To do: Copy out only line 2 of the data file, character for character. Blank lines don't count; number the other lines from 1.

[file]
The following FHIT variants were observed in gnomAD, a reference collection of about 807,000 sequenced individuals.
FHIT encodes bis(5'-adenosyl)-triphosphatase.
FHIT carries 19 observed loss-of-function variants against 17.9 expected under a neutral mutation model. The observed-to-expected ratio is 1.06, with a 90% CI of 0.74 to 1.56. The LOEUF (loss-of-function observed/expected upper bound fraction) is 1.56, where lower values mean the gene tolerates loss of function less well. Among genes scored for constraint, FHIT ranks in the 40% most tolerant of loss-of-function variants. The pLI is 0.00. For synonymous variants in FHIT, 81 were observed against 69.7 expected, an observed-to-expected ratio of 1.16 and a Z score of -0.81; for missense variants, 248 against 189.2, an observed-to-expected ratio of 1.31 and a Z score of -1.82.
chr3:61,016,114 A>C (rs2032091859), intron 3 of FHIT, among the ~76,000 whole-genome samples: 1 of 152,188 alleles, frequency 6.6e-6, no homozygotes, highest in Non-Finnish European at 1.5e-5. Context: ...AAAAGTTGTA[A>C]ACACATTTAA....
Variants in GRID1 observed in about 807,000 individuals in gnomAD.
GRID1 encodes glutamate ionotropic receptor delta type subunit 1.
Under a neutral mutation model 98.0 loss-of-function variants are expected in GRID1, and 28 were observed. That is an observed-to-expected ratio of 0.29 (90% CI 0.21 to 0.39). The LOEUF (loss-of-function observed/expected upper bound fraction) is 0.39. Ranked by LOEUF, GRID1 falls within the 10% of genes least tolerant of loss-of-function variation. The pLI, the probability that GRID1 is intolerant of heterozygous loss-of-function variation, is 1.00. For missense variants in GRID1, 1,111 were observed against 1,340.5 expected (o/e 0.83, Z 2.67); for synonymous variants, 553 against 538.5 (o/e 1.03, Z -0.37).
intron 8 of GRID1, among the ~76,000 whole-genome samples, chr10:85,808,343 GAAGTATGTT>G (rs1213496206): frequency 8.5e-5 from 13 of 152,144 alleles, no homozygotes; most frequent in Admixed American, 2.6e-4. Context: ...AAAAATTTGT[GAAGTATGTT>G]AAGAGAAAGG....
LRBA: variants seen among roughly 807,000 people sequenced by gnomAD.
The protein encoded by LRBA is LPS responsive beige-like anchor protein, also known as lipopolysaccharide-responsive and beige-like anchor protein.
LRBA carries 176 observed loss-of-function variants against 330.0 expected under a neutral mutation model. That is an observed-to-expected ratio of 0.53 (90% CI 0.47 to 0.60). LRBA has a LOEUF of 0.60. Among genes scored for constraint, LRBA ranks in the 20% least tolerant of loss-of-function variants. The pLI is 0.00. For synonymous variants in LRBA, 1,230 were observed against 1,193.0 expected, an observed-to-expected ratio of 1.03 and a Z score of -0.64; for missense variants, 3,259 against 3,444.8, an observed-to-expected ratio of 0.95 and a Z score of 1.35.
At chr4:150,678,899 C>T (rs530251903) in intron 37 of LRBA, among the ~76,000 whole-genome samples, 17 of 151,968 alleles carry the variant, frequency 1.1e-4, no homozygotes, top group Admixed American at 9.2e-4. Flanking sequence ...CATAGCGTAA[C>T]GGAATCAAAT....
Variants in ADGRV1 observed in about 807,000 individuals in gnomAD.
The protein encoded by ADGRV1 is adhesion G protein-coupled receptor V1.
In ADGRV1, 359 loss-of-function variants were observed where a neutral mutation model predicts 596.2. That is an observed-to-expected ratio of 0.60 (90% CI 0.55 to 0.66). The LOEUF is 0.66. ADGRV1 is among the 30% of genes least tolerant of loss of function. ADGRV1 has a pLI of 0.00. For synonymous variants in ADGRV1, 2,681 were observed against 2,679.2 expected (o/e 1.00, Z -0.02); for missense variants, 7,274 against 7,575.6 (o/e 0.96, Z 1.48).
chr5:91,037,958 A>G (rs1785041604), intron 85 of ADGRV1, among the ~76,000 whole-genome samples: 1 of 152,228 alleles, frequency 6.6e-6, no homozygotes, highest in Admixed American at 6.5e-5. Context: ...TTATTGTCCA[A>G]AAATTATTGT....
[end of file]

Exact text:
FHIT encodes bis(5'-adenosyl)-triphosphatase.